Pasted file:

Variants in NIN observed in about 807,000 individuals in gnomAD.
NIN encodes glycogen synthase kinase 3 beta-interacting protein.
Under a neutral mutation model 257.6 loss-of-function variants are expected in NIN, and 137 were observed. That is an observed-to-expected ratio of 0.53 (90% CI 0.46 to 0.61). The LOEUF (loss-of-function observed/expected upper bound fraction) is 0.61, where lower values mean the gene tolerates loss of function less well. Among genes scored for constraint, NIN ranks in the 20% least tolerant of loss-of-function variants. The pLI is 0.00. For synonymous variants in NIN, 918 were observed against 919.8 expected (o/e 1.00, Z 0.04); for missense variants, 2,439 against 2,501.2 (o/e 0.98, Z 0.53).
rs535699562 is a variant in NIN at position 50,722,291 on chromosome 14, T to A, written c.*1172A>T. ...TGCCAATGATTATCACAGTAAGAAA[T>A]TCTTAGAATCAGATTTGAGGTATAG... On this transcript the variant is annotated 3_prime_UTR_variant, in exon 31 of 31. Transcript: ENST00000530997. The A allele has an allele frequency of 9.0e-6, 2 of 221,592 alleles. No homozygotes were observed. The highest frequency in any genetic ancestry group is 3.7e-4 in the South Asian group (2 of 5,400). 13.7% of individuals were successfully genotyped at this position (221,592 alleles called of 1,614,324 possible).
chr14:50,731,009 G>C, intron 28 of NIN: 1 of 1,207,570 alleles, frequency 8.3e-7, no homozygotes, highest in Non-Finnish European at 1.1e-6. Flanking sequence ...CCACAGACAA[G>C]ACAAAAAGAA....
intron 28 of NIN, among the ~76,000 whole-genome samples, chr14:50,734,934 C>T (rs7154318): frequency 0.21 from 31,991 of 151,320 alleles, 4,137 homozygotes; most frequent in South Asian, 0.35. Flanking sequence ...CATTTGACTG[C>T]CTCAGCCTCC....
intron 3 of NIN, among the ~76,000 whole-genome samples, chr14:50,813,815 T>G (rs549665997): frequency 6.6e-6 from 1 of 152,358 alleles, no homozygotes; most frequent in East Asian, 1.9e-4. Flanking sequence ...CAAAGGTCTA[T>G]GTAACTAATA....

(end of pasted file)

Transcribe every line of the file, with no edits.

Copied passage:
Variants in NIN observed in about 807,000 individuals in gnomAD.
NIN encodes glycogen synthase kinase 3 beta-interacting protein.
Under a neutral mutation model 257.6 loss-of-function variants are expected in NIN, and 137 were observed. That is an observed-to-expected ratio of 0.53 (90% CI 0.46 to 0.61). The LOEUF (loss-of-function observed/expected upper bound fraction) is 0.61, where lower values mean the gene tolerates loss of function less well. Among genes scored for constraint, NIN ranks in the 20% least tolerant of loss-of-function variants. The pLI is 0.00. For synonymous variants in NIN, 918 were observed against 919.8 expected (o/e 1.00, Z 0.04); for missense variants, 2,439 against 2,501.2 (o/e 0.98, Z 0.53).
rs535699562 is a variant in NIN at position 50,722,291 on chromosome 14, T to A, written c.*1172A>T. ...TGCCAATGATTATCACAGTAAGAAA[T>A]TCTTAGAATCAGATTTGAGGTATAG... On this transcript the variant is annotated 3_prime_UTR_variant, in exon 31 of 31. Transcript: ENST00000530997. The A allele has an allele frequency of 9.0e-6, 2 of 221,592 alleles. No homozygotes were observed. The highest frequency in any genetic ancestry group is 3.7e-4 in the South Asian group (2 of 5,400). 13.7% of individuals were successfully genotyped at this position (221,592 alleles called of 1,614,324 possible).
chr14:50,731,009 G>C, intron 28 of NIN: 1 of 1,207,570 alleles, frequency 8.3e-7, no homozygotes, highest in Non-Finnish European at 1.1e-6. Flanking sequence ...CCACAGACAA[G>C]ACAAAAAGAA....
intron 28 of NIN, among the ~76,000 whole-genome samples, chr14:50,734,934 C>T (rs7154318): frequency 0.21 from 31,991 of 151,320 alleles, 4,137 homozygotes; most frequent in South Asian, 0.35. Flanking sequence ...CATTTGACTG[C>T]CTCAGCCTCC....
intron 3 of NIN, among the ~76,000 whole-genome samples, chr14:50,813,815 T>G (rs549665997): frequency 6.6e-6 from 1 of 152,358 alleles, no homozygotes; most frequent in East Asian, 1.9e-4. Flanking sequence ...CAAAGGTCTA[T>G]GTAACTAATA....